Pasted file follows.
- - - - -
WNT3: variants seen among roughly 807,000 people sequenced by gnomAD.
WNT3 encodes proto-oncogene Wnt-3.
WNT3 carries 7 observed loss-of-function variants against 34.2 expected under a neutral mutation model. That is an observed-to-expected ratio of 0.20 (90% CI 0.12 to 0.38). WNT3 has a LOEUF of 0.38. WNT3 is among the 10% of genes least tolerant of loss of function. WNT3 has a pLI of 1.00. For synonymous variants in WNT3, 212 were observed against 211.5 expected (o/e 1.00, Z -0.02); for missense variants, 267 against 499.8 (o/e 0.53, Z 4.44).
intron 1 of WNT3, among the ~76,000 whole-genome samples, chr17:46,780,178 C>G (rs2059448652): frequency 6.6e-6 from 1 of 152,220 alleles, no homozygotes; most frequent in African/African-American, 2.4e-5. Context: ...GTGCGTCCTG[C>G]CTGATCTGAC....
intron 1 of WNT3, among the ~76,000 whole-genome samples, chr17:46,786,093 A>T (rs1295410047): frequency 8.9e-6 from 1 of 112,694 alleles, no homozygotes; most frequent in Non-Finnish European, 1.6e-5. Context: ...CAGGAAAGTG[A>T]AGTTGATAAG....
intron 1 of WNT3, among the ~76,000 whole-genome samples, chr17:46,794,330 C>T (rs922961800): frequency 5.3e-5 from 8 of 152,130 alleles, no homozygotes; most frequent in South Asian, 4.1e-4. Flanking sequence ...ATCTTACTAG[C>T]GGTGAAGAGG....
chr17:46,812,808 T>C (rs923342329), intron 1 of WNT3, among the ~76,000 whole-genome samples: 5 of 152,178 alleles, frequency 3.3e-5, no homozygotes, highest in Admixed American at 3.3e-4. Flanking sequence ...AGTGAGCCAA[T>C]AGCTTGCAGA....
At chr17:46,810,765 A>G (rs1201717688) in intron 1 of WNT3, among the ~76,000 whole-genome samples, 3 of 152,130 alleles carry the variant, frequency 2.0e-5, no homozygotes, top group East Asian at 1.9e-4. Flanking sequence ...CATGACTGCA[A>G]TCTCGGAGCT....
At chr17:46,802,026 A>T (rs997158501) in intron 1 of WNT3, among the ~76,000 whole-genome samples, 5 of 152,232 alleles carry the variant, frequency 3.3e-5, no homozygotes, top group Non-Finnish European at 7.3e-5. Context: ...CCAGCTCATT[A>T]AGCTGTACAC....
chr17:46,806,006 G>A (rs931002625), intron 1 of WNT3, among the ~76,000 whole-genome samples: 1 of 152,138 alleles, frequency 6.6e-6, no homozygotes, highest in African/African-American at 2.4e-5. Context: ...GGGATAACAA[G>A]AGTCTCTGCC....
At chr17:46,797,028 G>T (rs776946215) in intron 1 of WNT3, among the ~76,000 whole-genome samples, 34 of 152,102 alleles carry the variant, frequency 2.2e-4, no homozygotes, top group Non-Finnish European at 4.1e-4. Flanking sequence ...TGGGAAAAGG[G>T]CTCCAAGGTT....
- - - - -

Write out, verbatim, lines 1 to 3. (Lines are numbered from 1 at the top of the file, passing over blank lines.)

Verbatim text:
WNT3: variants seen among roughly 807,000 people sequenced by gnomAD.
WNT3 encodes proto-oncogene Wnt-3.
WNT3 carries 7 observed loss-of-function variants against 34.2 expected under a neutral mutation model. That is an observed-to-expected ratio of 0.20 (90% CI 0.12 to 0.38). WNT3 has a LOEUF of 0.38. WNT3 is among the 10% of genes least tolerant of loss of function. WNT3 has a pLI of 1.00. For synonymous variants in WNT3, 212 were observed against 211.5 expected (o/e 1.00, Z -0.02); for missense variants, 267 against 499.8 (o/e 0.53, Z 4.44).